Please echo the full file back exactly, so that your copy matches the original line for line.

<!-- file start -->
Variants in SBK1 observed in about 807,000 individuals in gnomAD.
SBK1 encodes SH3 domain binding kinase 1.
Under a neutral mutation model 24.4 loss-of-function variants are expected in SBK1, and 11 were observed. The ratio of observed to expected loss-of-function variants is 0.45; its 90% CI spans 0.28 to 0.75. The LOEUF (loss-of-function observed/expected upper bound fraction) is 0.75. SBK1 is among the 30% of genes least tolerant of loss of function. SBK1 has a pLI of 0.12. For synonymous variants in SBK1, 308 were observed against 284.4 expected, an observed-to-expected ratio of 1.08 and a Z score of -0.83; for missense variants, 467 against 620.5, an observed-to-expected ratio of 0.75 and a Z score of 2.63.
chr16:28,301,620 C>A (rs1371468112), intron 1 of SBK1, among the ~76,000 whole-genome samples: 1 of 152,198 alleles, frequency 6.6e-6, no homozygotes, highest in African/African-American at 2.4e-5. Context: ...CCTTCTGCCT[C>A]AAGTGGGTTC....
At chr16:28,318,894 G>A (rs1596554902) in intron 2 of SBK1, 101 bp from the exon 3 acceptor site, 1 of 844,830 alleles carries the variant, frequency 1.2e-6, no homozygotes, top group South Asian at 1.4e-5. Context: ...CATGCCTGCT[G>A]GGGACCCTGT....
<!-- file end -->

Variants in SBK1 observed in about 807,000 individuals in gnomAD.
SBK1 encodes SH3 domain binding kinase 1.
Under a neutral mutation model 24.4 loss-of-function variants are expected in SBK1, and 11 were observed. The ratio of observed to expected loss-of-function variants is 0.45; its 90% CI spans 0.28 to 0.75. The LOEUF (loss-of-function observed/expected upper bound fraction) is 0.75. SBK1 is among the 30% of genes least tolerant of loss of function. SBK1 has a pLI of 0.12. For synonymous variants in SBK1, 308 were observed against 284.4 expected, an observed-to-expected ratio of 1.08 and a Z score of -0.83; for missense variants, 467 against 620.5, an observed-to-expected ratio of 0.75 and a Z score of 2.63.
chr16:28,301,620 C>A (rs1371468112), intron 1 of SBK1, among the ~76,000 whole-genome samples: 1 of 152,198 alleles, frequency 6.6e-6, no homozygotes, highest in African/African-American at 2.4e-5. Context: ...CCTTCTGCCT[C>A]AAGTGGGTTC....
At chr16:28,318,894 G>A (rs1596554902) in intron 2 of SBK1, 101 bp from the exon 3 acceptor site, 1 of 844,830 alleles carries the variant, frequency 1.2e-6, no homozygotes, top group South Asian at 1.4e-5. Context: ...CATGCCTGCT[G>A]GGGACCCTGT....